Authorities in northwestern China’s Qinghai province have released a Tibetan monk from a labor camp several months ahead of the completion of his sentence, meanwhile detaining another Qinghai-area Tibetan who had been sought by the police for his role in anti-mining protests, sources said.
Yarphel, a monk from Yarshong monastery in the Malho (in Chinese, Huangnan) Tibetan Autonomous Prefecture’s Rebgong (Tongren) county, was released from the Tungkor labor camp in the provincial capital Xining on Dec. 26 before serving his full term for being linked to a self-immolation protest, a Tibetan living in India told RFA’s Tibetan Service.
“He was detained on Feb. 2 and then sentenced on March 1 to a one-year and three-month term for carrying the cremated remains of self-immolation protester Dorjee Lhundup to the protester’s family home,” RFA’s source said, citing local sources.
Traditional artist Dorjee Lhundup, 25, had shouted slogans against Chinese rule and called for the return of exiled spiritual leader the Dalai Lama before burning himself to death on Nov. 4, 2012, in Rebgong’s Rongwo township, sources told RFA.
The dawn self-immolation attracted a large crowd of monks and residents to the township, with many of them placing traditional Tibetan scarves on his charred remains as a mark of respect for the father of two, one source said.
Later, several thousand Tibetans converged at a hill site near an area monastery where Lhundup’s body was taken for prayers and immediate cremation to prevent Chinese security forces from interfering with funeral rites, the sources said.
Despite Yarphel’s release, “Chinese authorities continue to impose harsh restrictions on Tibetans in the Rebgong area,” RFA’s source said, adding that earlier in December several hundred armed paramilitary police were seen patrolling the streets of Rebgong town.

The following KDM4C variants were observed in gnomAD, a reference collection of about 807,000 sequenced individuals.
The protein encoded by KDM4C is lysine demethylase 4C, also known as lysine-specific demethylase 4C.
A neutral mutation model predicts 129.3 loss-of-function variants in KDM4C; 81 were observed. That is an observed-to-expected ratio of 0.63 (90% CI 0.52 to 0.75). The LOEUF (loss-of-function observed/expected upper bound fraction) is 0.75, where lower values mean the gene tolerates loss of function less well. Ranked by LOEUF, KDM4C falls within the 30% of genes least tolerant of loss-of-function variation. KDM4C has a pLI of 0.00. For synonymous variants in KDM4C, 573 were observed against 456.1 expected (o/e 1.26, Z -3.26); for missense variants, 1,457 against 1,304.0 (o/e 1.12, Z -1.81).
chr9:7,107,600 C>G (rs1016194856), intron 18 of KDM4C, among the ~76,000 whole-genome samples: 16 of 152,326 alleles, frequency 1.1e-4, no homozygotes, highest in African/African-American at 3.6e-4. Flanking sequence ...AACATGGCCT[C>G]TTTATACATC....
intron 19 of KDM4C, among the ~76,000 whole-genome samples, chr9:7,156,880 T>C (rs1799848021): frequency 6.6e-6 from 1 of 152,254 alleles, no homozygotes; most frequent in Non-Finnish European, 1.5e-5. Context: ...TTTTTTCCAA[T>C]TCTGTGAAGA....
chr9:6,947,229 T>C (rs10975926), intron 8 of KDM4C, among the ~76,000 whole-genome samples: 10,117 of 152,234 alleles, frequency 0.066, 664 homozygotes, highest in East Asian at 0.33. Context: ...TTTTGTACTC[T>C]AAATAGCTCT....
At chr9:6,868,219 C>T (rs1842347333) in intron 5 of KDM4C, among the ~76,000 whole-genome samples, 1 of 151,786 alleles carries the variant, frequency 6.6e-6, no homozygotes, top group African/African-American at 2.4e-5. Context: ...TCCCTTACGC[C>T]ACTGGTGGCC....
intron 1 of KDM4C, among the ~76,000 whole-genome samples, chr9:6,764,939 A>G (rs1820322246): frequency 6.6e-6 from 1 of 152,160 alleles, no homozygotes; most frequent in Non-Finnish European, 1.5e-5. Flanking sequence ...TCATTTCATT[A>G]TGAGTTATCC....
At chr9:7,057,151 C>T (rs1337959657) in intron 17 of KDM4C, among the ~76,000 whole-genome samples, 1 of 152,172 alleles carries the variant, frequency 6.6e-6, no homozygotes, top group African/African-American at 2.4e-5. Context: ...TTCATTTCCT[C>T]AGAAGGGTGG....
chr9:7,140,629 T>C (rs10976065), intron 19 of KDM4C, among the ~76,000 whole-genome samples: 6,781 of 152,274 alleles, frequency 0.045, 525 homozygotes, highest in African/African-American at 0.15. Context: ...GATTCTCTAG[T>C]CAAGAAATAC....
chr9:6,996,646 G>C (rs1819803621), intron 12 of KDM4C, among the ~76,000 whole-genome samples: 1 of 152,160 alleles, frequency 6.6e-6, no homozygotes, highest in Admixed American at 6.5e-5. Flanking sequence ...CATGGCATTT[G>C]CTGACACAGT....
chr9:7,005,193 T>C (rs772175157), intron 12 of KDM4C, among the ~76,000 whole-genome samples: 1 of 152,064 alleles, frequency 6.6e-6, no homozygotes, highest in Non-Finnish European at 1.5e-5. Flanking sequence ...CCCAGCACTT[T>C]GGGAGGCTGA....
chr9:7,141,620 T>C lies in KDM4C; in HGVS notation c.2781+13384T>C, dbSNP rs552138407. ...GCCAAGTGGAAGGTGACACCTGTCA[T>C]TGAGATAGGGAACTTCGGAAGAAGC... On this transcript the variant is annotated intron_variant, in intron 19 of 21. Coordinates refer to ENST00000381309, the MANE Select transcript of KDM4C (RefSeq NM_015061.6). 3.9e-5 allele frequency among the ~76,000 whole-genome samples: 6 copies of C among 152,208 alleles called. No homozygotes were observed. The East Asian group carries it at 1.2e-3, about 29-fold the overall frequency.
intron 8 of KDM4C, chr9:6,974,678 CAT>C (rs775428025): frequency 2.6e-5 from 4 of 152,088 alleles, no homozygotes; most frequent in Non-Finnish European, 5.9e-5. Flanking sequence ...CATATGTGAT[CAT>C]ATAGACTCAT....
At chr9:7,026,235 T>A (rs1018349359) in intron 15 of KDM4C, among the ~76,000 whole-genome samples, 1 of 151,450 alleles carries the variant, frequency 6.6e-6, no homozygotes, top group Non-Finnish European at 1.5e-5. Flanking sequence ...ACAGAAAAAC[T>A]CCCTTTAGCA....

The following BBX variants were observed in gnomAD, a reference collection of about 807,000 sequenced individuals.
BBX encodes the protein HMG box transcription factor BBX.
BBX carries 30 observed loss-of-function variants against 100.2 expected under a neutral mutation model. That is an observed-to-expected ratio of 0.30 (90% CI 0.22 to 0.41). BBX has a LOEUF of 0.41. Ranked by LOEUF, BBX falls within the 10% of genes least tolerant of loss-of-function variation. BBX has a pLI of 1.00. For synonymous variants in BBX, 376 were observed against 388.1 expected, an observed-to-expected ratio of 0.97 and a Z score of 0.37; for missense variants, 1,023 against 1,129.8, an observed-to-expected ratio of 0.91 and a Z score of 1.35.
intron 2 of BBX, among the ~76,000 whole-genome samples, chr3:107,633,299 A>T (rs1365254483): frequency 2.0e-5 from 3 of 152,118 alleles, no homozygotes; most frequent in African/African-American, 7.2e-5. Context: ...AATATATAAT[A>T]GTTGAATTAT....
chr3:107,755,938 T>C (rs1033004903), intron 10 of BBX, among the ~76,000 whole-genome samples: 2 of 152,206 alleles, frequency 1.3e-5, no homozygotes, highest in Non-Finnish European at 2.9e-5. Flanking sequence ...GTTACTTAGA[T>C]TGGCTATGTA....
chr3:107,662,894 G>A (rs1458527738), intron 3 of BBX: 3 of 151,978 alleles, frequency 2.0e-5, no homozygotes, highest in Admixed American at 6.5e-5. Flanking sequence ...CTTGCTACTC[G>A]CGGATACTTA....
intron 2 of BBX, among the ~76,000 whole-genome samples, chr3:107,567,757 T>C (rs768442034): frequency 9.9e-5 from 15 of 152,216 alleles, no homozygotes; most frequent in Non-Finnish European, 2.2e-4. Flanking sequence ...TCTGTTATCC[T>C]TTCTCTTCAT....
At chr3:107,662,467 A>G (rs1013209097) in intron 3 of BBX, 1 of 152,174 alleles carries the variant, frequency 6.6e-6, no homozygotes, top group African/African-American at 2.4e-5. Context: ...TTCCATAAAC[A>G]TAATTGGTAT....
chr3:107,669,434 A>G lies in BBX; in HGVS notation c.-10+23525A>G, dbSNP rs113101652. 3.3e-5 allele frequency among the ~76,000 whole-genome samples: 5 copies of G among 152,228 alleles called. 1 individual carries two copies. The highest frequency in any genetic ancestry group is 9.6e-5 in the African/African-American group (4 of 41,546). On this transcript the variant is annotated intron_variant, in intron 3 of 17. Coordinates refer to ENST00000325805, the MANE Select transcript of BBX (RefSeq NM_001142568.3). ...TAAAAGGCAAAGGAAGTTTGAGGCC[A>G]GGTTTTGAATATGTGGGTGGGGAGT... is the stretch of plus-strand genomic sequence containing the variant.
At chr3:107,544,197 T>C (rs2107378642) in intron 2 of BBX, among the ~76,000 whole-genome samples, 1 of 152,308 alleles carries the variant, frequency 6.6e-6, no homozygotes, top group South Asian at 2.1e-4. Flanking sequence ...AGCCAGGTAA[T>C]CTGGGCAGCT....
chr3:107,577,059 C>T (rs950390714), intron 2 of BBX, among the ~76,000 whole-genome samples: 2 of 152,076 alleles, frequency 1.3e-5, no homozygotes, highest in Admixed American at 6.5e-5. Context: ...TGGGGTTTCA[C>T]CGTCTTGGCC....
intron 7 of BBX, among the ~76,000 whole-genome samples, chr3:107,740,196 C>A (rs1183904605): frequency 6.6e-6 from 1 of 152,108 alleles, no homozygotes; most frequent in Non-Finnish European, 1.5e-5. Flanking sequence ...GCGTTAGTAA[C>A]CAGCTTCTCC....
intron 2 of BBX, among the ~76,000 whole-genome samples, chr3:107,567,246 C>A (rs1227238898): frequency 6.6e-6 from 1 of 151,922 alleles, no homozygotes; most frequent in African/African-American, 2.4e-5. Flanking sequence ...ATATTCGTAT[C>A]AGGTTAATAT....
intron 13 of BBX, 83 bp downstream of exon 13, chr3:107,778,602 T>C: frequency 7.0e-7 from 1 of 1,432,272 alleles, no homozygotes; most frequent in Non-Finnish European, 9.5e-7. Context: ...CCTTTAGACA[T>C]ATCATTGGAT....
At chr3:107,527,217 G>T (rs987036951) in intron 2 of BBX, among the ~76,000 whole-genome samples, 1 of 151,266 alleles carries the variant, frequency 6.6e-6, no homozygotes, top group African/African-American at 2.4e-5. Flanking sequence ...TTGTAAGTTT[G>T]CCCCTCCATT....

Sought for months
Meanwhile, Chinese police have taken into custody a Tibetan environmental activist sought by the authorities for months for his role in protests opposing Chinese mining operations in Qinghai’s Yulshul (Yushu) Tibetan Autonomous Prefecture, a Tibetan source in exile told RFA.
“Gongpa Dzomga was detained on the night of Dec. 20, according to a phone call made to his family by the police,” RFA’s source said, citing local contacts.
“He was an active advocate for the protection of the environment in Tibetan areas, and he played a key role in the halting of mining activities at the Dothi Gangkar mine in Yulshul,” the source said.
Dzomga had also traveled to Beijing to petition on behalf of Tibetans in Yulshul’s Dzatoe region who were resisting encroachments by Chinese mines, he said.
Mining operations in Tibetan regions have led to frequent standoffs with Tibetans who accuse Chinese firms of polluting the environment and disrupting sites of spiritual significance.
“[Dzomga’s] trip to Beijing was unsuccessful, and he was placed on a police wanted list,” the source said.
Dzomga had then gone into hiding, evading the authorities “in various places” for about eight months before he was finally detained, he said.
Sporadic demonstrations challenging Beijing’s rule have continued in Tibetan-populated areas of China since widespread protests swept the area in 2008.
A total of 125 Tibetans have also set themselves ablaze in self-immolation protests calling for Tibetan freedom since February 2009, with another six setting fire to themselves in India and Nepal.
Reported by Lumbum Tashi and Chakmo Tso for RFA’s Tibetan Service. Translated by Karma Dorjee. Written in English by Richard Finney.